The Advice for Maintaining Accreditation at Proficient Teacher level (PDF 656 KB) provides teachers and principals with information about the maintenance of accreditation requirements and guides teachers in the use of their online account.
Proficient Teacher — Principals guide to maintenance of accreditation (PDF 672 KB) provides principals with information about maintenance of accreditation requirements and in the use of their online account for monitoring and verifying teacher PD.
What are the requirements for maintaining Highly Accomplished or Lead Teacher Accreditation?
Teachers need to continue to demonstrate competent teaching practice. This is reflected in a report submitted at the end of each cycle, and complete at least 100 hours of PD over a set 5 year period for full time teachers and 7 years for part-time or casual teachers. These 100 hours may include:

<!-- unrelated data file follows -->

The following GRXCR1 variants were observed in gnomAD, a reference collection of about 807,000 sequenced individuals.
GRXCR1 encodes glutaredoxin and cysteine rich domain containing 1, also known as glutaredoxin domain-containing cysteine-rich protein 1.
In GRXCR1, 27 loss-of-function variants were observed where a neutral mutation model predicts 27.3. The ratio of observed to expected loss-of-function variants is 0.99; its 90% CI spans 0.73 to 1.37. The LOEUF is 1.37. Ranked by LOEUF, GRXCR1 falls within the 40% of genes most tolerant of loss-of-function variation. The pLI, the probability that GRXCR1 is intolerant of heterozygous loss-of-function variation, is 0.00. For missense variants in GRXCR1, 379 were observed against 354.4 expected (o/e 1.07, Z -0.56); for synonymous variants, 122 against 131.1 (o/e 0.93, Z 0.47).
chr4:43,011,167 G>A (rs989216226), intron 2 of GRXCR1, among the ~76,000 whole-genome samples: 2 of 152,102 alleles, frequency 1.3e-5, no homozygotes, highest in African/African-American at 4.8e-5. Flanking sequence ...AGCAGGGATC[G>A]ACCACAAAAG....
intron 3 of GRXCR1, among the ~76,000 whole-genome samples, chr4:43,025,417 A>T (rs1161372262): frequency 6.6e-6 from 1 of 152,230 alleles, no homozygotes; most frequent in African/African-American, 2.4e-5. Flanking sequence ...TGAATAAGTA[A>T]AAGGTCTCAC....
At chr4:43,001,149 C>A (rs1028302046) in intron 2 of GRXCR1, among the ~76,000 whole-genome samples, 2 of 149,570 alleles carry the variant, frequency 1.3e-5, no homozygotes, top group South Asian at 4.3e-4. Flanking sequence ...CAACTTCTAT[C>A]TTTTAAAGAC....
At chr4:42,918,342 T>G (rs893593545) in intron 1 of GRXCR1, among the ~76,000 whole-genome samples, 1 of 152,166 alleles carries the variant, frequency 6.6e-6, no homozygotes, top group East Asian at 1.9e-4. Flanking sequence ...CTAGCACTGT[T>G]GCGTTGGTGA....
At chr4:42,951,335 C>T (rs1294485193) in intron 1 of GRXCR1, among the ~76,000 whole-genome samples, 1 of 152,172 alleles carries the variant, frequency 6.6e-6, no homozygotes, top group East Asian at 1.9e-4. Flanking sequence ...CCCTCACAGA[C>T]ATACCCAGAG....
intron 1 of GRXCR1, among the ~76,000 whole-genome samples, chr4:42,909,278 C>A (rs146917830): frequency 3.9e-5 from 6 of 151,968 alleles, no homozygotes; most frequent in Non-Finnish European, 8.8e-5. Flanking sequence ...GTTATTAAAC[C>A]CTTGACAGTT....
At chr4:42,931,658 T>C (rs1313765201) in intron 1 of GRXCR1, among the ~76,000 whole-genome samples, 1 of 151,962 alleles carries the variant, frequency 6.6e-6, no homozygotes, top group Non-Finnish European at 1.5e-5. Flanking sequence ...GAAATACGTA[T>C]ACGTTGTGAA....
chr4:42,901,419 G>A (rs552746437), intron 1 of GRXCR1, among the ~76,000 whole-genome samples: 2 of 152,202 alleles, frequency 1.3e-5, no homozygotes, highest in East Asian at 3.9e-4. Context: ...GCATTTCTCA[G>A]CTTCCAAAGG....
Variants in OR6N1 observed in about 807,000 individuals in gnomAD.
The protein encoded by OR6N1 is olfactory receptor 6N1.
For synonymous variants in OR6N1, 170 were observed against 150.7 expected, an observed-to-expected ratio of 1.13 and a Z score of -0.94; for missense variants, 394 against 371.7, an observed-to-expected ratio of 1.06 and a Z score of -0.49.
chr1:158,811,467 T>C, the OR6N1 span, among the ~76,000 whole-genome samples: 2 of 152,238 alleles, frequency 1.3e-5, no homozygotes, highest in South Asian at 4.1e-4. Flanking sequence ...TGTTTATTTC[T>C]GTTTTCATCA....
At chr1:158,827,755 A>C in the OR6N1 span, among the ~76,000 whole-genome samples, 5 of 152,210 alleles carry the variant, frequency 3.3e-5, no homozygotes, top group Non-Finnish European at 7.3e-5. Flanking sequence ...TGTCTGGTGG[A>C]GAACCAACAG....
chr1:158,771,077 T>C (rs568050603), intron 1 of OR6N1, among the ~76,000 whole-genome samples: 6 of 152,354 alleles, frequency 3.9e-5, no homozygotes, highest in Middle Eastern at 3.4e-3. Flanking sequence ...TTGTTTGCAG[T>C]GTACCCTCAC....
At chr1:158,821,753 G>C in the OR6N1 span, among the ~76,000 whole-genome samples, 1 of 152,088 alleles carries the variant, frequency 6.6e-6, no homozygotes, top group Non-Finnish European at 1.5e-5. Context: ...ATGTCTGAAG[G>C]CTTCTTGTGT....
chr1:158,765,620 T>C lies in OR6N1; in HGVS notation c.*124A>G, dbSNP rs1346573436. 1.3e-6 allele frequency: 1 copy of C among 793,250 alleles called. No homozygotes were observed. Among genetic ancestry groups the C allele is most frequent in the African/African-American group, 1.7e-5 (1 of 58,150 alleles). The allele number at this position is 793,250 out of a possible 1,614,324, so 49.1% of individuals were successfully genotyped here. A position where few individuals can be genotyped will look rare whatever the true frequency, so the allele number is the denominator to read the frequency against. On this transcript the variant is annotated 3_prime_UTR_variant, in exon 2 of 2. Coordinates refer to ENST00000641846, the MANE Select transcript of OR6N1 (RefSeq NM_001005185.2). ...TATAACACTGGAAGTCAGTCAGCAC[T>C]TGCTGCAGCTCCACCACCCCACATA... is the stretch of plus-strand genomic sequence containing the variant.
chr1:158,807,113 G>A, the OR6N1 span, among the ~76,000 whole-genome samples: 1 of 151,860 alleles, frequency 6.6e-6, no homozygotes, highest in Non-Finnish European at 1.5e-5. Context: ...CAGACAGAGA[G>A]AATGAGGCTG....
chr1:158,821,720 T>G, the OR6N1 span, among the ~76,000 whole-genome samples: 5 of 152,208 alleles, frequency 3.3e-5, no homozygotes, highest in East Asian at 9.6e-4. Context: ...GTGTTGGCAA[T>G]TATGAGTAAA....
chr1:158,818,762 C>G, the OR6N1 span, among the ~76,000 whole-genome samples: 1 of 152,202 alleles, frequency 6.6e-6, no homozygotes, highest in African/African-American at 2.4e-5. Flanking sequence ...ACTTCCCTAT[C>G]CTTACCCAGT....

- at least 20 hours of NESA Registered PD — find a course
- at least 80 hours of Teacher Identified PD - of which 20 hours should consist of Professional Commitment activities.
The 100 hours of professional development must also meet particular Standard Descriptors for Proficient Teacher from the Australian Professional Standards for Teachers.
- All descriptors in Standard 6
- At least one descriptor from Standards 1, 2, 3, 4, 5 and 7.
Success story videos
See how other teachers and schools are approaching achieving teacher accreditation and planning professional development.
Tips for planning your PD
NSW teacher Kylie, along with her supervisor Michelle, from Our Lady Help of Christians Catholic Parish School talks about successfully planning her professional development (duration: 3:08 minutes).
Throughout the year I meet with my supervisor to complete my professional development plan and we have a look at what the school focus is for the year and this year we are looking at improving the reading outcomes of our students and when I look at what my class needs are as well I think that's definitely an area we're going to benefit in.
I assisted Kylie by focusing her goal setting and her planning for the year against our professional development planning and review framework so I helped her determine a student centered goal and a school centered goal that's based on our school review and improvement process and on a teacher goal, so that was about her professional development.